This production of Hedda Gabler bills the play as ‘remarkable’ and ‘realistic’, and dealt far better with the naturalism of Ibsen’s play than with its touches of stylised symbolism. Although it has some preoccupations in common with Ibsen’s earlier A Doll’s House, Hedda Gabler is a stranger play, and that strangeness proved troubling for the evening. The period production, of the 1890s, came off fairly well, and gave Inge-Vera Lipsius’ Hedda the right aristocratic and aesthetic hauteur, but it also had several flaws. If it had been realised just a little more fully, the setting would have made characterisation easier and threats of scandal would have seemed more credible. Rather than informing performances, however, it seemed constricting. With the exceptions of Lipsius and William Batty as her despised husband George Tesman, there was at times a distinct distance between the actors and their characters.
The set was flexible, but the actual boards badly constructed and distracting. Similarly, there were problems with hair and costuming that simply looked careless. The production was marred in general by a lack of attention to detail: there were several different pronunciations of Ejlet Loevborg, blocking in larger group scenes went awry, and actors occasionally talked over one another. The lighting was very literal, so much so that it worked well and gave the piece an expressionistic touch, for example in the instantaneous change from an oil lamp to daylight. These moments of weird lighting suited Lipsius’ tightlaced intensity, and bolstered director Erika Price’s most effective work, as Hedda became more powerful through the end of the first and beginning of the second half, but waned as daylight proprieties once again took over.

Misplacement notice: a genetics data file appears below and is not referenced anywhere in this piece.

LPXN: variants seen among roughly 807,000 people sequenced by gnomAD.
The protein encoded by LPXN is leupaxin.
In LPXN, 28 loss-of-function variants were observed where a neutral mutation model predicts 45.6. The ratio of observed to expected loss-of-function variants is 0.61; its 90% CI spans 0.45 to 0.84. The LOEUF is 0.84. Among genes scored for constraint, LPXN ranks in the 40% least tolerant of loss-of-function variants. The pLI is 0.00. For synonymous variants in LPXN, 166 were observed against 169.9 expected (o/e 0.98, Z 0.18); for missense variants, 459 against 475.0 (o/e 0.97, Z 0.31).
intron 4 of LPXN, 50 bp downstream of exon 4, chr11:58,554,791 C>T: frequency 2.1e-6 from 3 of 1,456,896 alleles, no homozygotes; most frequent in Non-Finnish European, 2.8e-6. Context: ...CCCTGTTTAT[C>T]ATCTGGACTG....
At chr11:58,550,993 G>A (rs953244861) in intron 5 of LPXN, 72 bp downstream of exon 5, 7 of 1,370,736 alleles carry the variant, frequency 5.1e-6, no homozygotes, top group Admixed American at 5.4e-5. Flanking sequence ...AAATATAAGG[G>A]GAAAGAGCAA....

William Batty made an excellent Tesman, giving a sensitive and sympathetic performance, and was nicely serious and ambitious rather than bumbling. Both Batty and Lipsius were utterly sincere in their characters’ dreams and self-deceptions, and consequently Tesman made a more compelling figure than Jamie Bisping’s Loevborg, a cipher who made Hedda’s passion inexplicable. Tesman and Mrs Elvsted (Kay Benson), as representatives of the modern world, rather dominated the end of the play, leaving the aesthetes Hedda and Brack behind. As Judge Brack, Jesper Eriksson approached a demonic aspect but was somewhat mannered: his threatening air oddly failed when it was time to be truly scary.
Despite strong central performances from Lipsius and Batty, this Hedda Gabler was rather adrift dramatically, at home in domestic minutiae and tending to flounder in more impassioned moments. In short, the production itself was ill-equipped to deal with Ibsen’s fervent moments of strangeness.